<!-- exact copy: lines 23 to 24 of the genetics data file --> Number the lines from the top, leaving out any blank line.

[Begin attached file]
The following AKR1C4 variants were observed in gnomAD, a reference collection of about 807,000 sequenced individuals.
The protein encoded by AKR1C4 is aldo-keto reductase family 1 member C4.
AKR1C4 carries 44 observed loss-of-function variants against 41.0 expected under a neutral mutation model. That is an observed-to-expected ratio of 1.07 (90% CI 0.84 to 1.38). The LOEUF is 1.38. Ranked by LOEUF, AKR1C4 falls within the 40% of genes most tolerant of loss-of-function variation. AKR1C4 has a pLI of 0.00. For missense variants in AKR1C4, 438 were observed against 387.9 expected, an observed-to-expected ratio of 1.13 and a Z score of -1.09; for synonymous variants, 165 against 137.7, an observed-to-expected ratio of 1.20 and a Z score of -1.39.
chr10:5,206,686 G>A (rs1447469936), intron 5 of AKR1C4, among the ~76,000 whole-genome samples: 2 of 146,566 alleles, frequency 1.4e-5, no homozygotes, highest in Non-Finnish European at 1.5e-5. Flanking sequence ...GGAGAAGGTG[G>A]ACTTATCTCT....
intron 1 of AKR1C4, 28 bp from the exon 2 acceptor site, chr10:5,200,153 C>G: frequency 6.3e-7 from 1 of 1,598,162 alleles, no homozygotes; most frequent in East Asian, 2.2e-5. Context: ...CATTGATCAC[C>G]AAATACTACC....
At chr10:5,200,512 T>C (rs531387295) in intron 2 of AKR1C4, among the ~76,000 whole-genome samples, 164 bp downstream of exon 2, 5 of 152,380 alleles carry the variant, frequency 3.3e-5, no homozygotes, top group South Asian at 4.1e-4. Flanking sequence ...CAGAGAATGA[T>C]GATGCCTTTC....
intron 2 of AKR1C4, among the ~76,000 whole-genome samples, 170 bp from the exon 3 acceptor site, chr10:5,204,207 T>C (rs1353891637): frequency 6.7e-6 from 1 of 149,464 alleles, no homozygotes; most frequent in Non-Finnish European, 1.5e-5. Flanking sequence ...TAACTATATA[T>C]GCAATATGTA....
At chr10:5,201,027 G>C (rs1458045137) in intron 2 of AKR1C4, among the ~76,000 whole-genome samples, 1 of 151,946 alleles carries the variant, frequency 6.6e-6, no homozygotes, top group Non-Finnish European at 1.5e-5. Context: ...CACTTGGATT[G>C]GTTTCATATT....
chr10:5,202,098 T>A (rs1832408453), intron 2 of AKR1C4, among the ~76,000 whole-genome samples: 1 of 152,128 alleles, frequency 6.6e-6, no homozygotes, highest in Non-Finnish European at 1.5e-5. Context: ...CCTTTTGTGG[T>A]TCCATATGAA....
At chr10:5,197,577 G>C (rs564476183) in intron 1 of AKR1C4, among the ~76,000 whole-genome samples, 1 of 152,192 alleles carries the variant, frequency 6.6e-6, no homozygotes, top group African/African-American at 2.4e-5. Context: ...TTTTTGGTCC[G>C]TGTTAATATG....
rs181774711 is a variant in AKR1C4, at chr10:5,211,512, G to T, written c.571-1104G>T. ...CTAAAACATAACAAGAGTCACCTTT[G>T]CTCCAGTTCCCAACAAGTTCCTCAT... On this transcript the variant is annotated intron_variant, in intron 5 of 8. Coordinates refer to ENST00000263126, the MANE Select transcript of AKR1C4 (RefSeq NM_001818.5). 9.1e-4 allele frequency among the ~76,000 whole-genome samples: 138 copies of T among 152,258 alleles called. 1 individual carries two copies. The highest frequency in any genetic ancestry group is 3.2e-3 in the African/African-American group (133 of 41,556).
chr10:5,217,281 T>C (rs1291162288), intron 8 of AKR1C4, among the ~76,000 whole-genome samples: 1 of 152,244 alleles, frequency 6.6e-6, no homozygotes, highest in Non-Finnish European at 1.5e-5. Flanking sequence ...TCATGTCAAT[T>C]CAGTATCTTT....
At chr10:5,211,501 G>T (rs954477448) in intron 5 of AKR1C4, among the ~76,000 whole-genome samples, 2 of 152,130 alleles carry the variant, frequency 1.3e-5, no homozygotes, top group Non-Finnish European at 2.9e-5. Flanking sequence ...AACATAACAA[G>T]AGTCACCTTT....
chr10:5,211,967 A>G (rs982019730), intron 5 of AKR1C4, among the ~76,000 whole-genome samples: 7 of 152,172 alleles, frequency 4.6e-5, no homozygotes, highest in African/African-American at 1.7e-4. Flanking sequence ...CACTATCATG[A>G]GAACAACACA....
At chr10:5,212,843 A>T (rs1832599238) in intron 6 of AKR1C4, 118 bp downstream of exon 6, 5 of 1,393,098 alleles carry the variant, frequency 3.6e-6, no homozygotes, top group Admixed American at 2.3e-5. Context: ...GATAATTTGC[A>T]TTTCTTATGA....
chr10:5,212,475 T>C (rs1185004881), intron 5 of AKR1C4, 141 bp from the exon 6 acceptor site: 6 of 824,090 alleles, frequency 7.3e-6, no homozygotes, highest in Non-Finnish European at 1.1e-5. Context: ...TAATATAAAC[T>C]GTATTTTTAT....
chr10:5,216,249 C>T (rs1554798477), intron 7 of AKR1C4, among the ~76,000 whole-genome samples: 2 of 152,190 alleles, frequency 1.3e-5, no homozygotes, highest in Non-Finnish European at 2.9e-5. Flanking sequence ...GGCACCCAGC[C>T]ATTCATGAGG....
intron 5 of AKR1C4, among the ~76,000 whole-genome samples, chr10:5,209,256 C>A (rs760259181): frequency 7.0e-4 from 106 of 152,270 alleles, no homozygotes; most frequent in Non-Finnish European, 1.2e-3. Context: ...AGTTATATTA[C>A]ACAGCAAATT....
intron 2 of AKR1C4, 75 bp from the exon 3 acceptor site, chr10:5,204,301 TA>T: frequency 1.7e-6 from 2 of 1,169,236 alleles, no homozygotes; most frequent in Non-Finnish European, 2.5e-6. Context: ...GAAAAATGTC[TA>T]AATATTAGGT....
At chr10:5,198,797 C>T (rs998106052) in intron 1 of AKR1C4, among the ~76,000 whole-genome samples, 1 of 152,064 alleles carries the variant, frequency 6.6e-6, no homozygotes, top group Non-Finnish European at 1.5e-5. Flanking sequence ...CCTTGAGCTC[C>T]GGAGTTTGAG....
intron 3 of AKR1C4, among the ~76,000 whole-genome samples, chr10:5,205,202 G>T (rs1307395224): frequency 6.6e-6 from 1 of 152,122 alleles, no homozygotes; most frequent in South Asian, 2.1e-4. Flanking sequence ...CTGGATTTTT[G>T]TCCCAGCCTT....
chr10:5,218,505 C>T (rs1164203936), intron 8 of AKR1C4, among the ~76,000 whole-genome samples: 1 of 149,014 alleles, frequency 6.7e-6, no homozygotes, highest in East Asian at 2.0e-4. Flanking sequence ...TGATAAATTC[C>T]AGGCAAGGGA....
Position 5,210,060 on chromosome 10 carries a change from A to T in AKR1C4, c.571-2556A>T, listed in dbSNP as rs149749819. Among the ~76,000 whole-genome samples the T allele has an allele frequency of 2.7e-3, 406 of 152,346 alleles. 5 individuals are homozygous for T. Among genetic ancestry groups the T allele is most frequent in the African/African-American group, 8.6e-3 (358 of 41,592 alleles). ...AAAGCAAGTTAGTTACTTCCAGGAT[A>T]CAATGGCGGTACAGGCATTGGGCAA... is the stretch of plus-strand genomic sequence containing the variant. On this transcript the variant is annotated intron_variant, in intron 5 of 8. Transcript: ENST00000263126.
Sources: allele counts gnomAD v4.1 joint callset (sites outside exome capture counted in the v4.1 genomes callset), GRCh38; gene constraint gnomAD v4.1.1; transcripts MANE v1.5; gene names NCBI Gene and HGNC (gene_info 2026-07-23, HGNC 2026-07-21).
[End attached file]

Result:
Position 5,210,060 on chromosome 10 carries a change from A to T in AKR1C4, c.571-2556A>T, listed in dbSNP as rs149749819. Among the ~76,000 whole-genome samples the T allele has an allele frequency of 2.7e-3, 406 of 152,346 alleles. 5 individuals are homozygous for T. Among genetic ancestry groups the T allele is most frequent in the African/African-American group, 8.6e-3 (358 of 41,592 alleles). ...AAAGCAAGTTAGTTACTTCCAGGAT[A>T]CAATGGCGGTACAGGCATTGGGCAA... is the stretch of plus-strand genomic sequence containing the variant. On this transcript the variant is annotated intron_variant, in intron 5 of 8. Transcript: ENST00000263126.
Sources: allele counts gnomAD v4.1 joint callset (sites outside exome capture counted in the v4.1 genomes callset), GRCh38; gene constraint gnomAD v4.1.1; transcripts MANE v1.5; gene names NCBI Gene and HGNC (gene_info 2026-07-23, HGNC 2026-07-21).